John's story – ankle fusion and replacement
John blames years of playing rugby for the severe osteoarthritis that has led to his having one ankle fused and another replaced (with a hip replacement in between.)
The 70-year-old retired executive from Oxfordshire describes the pain in his ankles as “absolutely terrible, ghastly agony,” which prevented him from leading anything like a normal life.
'I’d had terrible trouble, particularly with my right ankle, for years and years, so around six years ago Paul Cooke, my orthopaedic surgeon, decided to fuse it,” he says. Despite the fusion, which effectively fixed the ankle in a rigid position, John says he has a little movement around the ankle – enough to be able to press the accelerator in his car. The operation was a complete success.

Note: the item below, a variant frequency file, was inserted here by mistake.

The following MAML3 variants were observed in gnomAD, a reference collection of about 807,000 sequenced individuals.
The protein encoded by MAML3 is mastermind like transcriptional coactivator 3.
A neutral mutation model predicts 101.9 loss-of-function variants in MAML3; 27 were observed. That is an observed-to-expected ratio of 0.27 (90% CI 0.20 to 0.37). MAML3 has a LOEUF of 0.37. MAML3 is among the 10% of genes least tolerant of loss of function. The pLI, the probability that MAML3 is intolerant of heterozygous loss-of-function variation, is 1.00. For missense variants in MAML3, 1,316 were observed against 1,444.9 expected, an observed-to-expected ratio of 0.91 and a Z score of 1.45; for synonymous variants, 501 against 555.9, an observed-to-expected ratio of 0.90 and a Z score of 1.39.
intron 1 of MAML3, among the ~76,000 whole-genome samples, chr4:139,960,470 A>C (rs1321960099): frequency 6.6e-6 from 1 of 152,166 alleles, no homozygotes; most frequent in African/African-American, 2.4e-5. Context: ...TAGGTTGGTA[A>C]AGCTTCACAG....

Because it’s impractical to have both ankles fused in a patient with other arthritic joints, John’s other troublesome ankle was replaced a year ago. He was out of bed the day after surgery and made a rapid recovery, soon throwing away his crutches, despite only recently having had a hip replacement. He adds: ‘I was in a half-plaster for a couple of months afterwards, then a velcro boot and a support sock. It all went very well.’
Having replaced his car with an automatic so he doesn’t have to use the clutch with his artificial joint, John has found his quality of life transformed. ‘I’ve had a very positive experience of both ankle fusion and replacement; I have absolutely no pain anywhere, which is a joy. Walking has got easier, and I can get on with my life. For me, ankle surgery was the only answer – and I’m really glad I had it done.’